An interesting and frankly alarming thing in the comment thread of the last post. I noted in the last post that a major issue I saw with the proposed F&SF online writing workshop, which offers the chance that work in the workshop could get published in the magazine, is that there was no indication that those chosen stories would then be paid for. To which several people in the comment thread said something along the lines of “oh, well, that wasn’t a problem for me, because I just assumed there would be payment.”
Never assume as a writer that you’re going to get paid. Ever. There are too many people who assume writing shouldn’t have to be paid for — and too many writers willing to be paid little or nothing for their work — that your default assumption when there is no mention of payment for your work is that there will be none. Commensurately, your very first question when you see that there is no mention of payment for your work should be “What are you paying for the work?” If you’re worried that this being the first question out of your mouth will offend someone, then you’re not ready to be a working writer. If people who want your work are offended that this is your first question, they’re not serious about wanting your work.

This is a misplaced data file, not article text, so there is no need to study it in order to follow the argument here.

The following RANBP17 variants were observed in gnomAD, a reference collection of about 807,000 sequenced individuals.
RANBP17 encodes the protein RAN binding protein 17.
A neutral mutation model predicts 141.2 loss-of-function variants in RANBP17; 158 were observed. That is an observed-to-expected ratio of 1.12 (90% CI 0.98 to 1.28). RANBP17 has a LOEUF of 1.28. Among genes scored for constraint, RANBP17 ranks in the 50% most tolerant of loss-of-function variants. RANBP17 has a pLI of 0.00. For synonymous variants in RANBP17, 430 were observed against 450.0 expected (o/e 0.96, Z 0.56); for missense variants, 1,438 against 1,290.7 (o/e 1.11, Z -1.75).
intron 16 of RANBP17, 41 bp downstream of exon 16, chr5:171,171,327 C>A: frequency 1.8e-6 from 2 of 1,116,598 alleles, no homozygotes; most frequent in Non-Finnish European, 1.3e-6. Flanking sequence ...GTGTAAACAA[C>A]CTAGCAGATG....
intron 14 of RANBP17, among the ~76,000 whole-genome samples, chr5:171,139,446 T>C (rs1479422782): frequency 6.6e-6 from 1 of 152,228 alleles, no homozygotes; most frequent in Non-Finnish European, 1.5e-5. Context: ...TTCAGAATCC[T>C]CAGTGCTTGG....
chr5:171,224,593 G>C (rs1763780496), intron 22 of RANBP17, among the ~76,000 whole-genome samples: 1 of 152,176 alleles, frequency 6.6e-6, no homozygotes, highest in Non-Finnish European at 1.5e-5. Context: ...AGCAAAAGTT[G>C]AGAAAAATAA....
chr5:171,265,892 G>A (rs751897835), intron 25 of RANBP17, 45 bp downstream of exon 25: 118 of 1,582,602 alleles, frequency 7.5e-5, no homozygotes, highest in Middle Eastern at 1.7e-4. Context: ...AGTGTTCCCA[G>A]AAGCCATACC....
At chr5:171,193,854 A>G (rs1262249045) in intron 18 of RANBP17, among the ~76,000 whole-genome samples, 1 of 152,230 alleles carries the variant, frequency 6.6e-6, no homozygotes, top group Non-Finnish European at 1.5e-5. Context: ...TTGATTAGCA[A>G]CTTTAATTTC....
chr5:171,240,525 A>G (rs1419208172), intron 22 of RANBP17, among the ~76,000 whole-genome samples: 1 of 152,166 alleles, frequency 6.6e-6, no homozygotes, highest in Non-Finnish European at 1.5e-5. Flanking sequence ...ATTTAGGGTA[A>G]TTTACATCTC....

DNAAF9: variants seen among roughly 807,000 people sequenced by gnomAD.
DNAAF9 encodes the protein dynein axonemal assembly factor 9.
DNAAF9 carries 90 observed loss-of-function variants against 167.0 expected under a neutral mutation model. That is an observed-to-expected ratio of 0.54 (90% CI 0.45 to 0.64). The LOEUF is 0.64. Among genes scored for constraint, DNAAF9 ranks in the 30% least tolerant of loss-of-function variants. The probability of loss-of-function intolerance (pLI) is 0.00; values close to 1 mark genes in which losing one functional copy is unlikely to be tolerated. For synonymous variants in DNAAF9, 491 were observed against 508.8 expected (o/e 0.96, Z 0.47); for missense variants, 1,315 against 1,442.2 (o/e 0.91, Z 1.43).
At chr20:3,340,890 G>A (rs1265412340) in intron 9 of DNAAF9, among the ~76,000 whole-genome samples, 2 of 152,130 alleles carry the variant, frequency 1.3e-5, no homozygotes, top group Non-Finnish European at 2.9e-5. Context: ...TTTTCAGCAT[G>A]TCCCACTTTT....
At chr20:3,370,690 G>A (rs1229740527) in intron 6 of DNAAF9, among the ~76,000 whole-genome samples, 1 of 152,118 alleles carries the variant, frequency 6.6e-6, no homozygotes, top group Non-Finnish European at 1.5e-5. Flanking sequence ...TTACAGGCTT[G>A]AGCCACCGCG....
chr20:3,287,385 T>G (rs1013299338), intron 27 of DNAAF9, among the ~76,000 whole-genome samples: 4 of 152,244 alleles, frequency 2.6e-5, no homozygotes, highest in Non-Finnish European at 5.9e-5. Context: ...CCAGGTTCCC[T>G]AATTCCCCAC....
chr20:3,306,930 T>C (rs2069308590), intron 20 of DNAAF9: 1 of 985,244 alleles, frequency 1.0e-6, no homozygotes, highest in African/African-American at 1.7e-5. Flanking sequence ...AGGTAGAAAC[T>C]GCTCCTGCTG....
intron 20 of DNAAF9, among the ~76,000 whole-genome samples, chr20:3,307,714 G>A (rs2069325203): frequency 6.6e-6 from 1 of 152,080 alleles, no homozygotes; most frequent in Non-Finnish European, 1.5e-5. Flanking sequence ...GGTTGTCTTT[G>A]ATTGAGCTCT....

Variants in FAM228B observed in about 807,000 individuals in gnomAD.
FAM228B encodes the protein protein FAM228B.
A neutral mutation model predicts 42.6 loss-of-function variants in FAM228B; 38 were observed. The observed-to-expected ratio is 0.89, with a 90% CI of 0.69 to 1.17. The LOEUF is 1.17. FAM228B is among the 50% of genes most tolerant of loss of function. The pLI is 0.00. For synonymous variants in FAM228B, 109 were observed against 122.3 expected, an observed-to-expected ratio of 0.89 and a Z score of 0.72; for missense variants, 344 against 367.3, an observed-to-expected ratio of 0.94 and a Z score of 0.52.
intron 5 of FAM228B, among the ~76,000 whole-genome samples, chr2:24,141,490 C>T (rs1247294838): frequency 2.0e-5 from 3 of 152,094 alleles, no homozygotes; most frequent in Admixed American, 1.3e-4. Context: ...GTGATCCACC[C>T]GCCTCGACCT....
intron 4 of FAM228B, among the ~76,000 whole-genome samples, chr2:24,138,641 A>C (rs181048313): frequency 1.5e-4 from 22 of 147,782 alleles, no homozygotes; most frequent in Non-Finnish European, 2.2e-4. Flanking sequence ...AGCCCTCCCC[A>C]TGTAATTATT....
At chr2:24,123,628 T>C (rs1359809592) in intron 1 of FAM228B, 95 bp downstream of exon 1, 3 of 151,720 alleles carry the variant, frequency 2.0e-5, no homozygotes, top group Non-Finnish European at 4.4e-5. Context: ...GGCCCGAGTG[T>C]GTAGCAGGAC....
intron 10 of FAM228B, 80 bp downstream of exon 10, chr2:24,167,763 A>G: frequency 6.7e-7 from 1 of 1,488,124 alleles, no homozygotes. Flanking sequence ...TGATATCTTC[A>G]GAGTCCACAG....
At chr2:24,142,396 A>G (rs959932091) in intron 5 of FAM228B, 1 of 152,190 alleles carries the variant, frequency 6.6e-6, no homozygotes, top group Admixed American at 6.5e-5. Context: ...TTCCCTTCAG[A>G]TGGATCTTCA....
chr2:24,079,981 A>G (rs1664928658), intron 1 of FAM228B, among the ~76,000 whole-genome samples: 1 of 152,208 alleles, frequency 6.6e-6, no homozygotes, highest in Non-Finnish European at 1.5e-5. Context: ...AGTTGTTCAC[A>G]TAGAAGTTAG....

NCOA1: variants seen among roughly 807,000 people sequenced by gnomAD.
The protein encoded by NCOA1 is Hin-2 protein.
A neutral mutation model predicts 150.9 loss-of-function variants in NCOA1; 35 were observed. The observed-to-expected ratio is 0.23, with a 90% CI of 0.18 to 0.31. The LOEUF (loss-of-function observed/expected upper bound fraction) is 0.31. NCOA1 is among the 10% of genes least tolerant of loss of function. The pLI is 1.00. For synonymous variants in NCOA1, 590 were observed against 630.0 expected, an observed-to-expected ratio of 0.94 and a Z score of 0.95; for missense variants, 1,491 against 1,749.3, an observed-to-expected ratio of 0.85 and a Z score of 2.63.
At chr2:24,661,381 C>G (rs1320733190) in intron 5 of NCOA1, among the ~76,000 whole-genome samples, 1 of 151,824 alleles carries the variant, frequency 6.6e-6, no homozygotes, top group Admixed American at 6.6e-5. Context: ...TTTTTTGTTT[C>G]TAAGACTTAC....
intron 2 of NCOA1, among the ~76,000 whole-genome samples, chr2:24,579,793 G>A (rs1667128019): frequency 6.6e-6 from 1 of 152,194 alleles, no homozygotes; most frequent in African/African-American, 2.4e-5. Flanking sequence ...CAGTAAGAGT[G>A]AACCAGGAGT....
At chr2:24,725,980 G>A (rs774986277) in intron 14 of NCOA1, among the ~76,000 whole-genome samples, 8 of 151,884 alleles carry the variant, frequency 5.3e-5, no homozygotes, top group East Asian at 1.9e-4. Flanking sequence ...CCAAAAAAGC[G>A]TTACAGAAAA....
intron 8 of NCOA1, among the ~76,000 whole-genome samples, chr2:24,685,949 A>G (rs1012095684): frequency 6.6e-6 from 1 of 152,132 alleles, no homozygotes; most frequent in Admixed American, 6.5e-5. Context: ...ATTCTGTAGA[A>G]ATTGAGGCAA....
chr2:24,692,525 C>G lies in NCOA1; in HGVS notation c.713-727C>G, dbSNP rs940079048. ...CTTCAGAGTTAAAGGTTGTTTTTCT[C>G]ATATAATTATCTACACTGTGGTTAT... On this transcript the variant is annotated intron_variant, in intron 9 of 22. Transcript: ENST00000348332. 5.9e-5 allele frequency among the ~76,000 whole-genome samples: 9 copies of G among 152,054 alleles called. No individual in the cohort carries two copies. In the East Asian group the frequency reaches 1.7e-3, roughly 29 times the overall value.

To be clear, someone not mentioning payment right off does not mean the writer won’t get paid. In the case of F&SF and its workshop, I’m fairly certain the intention is to pay for those workshop stories. But in my case “fairly certain” is followed immediately by “so, you are paying for those stories, right?” Because, you know, I was fairly certain LeBron James was going to the NBA finals this year, too, and I was also fairly certain earlier in the year that right now I would be working on a project that fell through. “Fairly certain” by definition leaves room for a fair amount of uncertainty. A working writer learns to zero in on uncertainty, especially when it comes to him or her being paid. It never hurts to be absolutely certain you’re going to get paid, and to know how much. And when!
This is, incidentally, why this post by John Green arguing against advances is not a brilliant thing from the point of view of an author (a point which appears has already been mentioned to him by other authors, given the number of backpedaling updates he’s added). Green argues for higher royalties rather than higher advances, which is a fine idea if a) you have an independent source of income and/or b) are already raking in the bucks from your book sales and you have infinite faith that c) your publisher will always be there to send you royalties on a regular basis and/or d) won’t try to screw you on contractual details that allow them to hold on to your money for as long as humanly possible. As most authors don’t fulfill conditions a) or b) and should never assume c) or d), most authors are better off getting a large, upfront chunk of cash into their hands asap — that is, they should have an advance. Anything other is assuming you’re going to get paid, and fraught with danger.
So: Know that you’ll get paid. Know how much you’re getting paid. Know when you are going to get paid. Don’t assume any of it. Know. That is all.